It is for all of these reasons that I will be voting against CAFTA. However, I applaud this administration for their diligent and willing work with us on this issue. In the final hours, they tried. The problem is, they didn't try a year ago, or 2 years ago, when this issue was being negotiated. More than once I sat down with Ambassador Zoellick and said: Don't touch sugar. It has a very static market today. It is in a highly competitive market. And it will be most difficult for that industry to sustain itself, let alone sustain itself in a diminishing market environment.
They didn't listen. We have CAFTA. Anybody can waive two little packets of sugar around and say that is all it is about.
But what about the Colombian agreement? What about the Thailand agreement? What about the Panamanian agreement? What about the South African agreement? All are sugar-producing nations. All are ready to sit down and negotiate and ask for a piece of the U.S. sugar market. That is why the producers in Idaho and around the Nation, when provided this last moment agreement, simply had to say no.
They are placed, by this agreement, in a most difficult situation. As a result, in my support of them, I will oppose.
Again, trade agreements ought not be about trading one segment of our economy off against another, trading winners and losers, and therefore creating an environment that pits one head to head with another. That is unfair. Our Government ought not be doing that.
While there are many benefits to be gained by CAFTA, there are winners and losers. I believe the sugar producers of this Nation become losers. I have to vote no.
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Mr. CRAIG. Mr. President, I rise today to discuss the Central America Free Trade Agreement, its importance to our country, to our economic interests both here and at home, and around the world.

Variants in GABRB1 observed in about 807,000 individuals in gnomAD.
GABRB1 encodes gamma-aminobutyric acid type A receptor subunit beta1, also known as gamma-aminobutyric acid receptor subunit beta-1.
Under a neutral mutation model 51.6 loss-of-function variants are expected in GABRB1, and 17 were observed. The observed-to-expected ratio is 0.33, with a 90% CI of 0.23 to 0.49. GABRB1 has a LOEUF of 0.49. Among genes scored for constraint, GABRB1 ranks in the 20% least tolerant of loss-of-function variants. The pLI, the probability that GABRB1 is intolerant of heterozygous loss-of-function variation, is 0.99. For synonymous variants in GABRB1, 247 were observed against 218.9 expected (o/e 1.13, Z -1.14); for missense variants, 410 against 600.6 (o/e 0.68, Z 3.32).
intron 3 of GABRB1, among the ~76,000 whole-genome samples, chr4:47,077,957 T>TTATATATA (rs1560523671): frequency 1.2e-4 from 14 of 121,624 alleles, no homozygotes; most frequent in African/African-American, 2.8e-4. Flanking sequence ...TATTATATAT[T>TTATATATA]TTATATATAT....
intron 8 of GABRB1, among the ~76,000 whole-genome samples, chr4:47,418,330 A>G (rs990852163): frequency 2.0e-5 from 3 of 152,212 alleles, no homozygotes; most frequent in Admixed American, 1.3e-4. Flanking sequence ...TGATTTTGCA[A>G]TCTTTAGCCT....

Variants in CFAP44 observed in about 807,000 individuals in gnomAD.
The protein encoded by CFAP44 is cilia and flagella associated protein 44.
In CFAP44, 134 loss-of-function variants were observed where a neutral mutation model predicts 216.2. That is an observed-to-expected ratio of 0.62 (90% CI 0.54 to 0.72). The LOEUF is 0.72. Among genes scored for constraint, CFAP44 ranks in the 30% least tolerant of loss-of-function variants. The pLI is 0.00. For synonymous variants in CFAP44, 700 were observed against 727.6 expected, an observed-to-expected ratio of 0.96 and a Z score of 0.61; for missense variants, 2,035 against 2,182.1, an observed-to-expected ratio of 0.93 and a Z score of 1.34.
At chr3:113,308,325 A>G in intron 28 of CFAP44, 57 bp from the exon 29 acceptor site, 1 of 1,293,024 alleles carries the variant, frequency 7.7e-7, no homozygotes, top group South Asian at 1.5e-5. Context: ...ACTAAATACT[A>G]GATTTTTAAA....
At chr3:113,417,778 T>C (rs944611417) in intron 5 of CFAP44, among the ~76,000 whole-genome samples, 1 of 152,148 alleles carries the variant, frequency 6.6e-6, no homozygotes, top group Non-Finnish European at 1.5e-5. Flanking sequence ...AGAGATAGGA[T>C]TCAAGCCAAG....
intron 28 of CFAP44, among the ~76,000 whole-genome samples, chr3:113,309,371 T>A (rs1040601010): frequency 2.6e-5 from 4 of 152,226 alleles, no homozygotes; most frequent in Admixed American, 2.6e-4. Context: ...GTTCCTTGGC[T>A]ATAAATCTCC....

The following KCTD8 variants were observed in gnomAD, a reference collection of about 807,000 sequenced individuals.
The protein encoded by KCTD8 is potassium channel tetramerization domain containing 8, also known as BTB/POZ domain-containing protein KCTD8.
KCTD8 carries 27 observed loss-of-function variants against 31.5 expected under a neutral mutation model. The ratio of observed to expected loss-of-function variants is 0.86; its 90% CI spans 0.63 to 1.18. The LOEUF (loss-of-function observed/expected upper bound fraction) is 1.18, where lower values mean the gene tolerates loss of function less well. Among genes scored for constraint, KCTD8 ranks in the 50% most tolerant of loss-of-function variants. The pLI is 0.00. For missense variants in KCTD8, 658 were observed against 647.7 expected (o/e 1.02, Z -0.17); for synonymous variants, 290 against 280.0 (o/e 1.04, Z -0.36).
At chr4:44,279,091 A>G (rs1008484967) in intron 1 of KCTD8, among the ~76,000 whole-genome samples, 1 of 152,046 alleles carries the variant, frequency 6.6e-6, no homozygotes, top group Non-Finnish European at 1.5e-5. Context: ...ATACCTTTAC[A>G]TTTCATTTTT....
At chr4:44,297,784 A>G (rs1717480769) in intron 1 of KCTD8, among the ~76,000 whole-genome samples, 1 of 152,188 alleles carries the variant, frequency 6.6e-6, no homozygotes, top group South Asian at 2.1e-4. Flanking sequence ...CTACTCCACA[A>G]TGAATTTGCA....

Since Congress gave the President fast-track trade negotiating authority in August of 2002, we've had to face the realities that come with it.
I supported giving the President fast-track authority then, with the caveat that I would approach all trade agreements sent to Congress with an open mind.
Three agreements have reached Congress since 2002 and I have voted for two of those three.
The administration has been actively pursuing a vigorous bilateral and free-trade agenda around the world, and I believe it is in our best interest to do so both economically and socially.
Trade with foreign nations is a valuable component to promote economic opportunities here at home, but also to spread our democratic ideals that we value so highly in our country.
Congress is now debating the Central American Free Trade Agreement, otherwise known as CAFTA. I became heavily involved with our trade negotiators as the President and our then-Trade Representative Bob Zoellick began negotiations with the CAFTA nations.
As an agricultural State, Idaho has a large stake in these agreements and agriculture right now is currently learning how to restructure itself as our global markets become highly integrated.
As many know, a major agricultural crop in my State is the production of sugar. Idaho is the second-largest producer of sugarbeets behind Minnesota.
Idaho's sugar industry employs somewhere in the neighborhood of 7 to 8,000 people and generates nearly $800 million in economic activity for the State economy.
The sugar industry in Idaho, and in most other sugar-producing States, has restructured itself after several years of unprofitability. Farmers pooled their money to create cooperative processing plants to market their sugar and so inherently have a large personal investment in all levels of production.